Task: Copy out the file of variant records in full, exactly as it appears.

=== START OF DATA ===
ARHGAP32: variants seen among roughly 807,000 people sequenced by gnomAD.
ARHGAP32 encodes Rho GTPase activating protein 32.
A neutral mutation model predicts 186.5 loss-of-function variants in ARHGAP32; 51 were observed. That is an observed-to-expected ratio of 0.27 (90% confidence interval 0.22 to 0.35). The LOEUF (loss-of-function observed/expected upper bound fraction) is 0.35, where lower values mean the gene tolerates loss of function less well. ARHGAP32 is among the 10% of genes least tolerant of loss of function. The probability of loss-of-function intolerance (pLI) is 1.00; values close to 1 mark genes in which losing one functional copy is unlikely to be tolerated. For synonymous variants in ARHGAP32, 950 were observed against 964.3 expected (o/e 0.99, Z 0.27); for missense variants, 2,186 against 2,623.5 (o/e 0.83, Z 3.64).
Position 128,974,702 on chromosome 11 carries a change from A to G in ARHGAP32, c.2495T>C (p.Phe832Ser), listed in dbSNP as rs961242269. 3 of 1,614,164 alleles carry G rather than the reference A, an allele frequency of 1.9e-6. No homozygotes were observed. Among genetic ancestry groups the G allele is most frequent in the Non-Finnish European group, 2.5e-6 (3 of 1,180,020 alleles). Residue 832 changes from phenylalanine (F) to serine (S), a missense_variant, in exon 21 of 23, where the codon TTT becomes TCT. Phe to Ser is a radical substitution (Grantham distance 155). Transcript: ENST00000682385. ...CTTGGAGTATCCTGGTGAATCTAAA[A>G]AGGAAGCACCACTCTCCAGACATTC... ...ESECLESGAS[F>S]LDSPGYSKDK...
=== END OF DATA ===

ARHGAP32: variants seen among roughly 807,000 people sequenced by gnomAD.
ARHGAP32 encodes Rho GTPase activating protein 32.
A neutral mutation model predicts 186.5 loss-of-function variants in ARHGAP32; 51 were observed. That is an observed-to-expected ratio of 0.27 (90% confidence interval 0.22 to 0.35). The LOEUF (loss-of-function observed/expected upper bound fraction) is 0.35, where lower values mean the gene tolerates loss of function less well. ARHGAP32 is among the 10% of genes least tolerant of loss of function. The probability of loss-of-function intolerance (pLI) is 1.00; values close to 1 mark genes in which losing one functional copy is unlikely to be tolerated. For synonymous variants in ARHGAP32, 950 were observed against 964.3 expected (o/e 0.99, Z 0.27); for missense variants, 2,186 against 2,623.5 (o/e 0.83, Z 3.64).
Position 128,974,702 on chromosome 11 carries a change from A to G in ARHGAP32, c.2495T>C (p.Phe832Ser), listed in dbSNP as rs961242269. 3 of 1,614,164 alleles carry G rather than the reference A, an allele frequency of 1.9e-6. No homozygotes were observed. Among genetic ancestry groups the G allele is most frequent in the Non-Finnish European group, 2.5e-6 (3 of 1,180,020 alleles). Residue 832 changes from phenylalanine (F) to serine (S), a missense_variant, in exon 21 of 23, where the codon TTT becomes TCT. Phe to Ser is a radical substitution (Grantham distance 155). Transcript: ENST00000682385. ...CTTGGAGTATCCTGGTGAATCTAAA[A>G]AGGAAGCACCACTCTCCAGACATTC... ...ESECLESGAS[F>S]LDSPGYSKDK...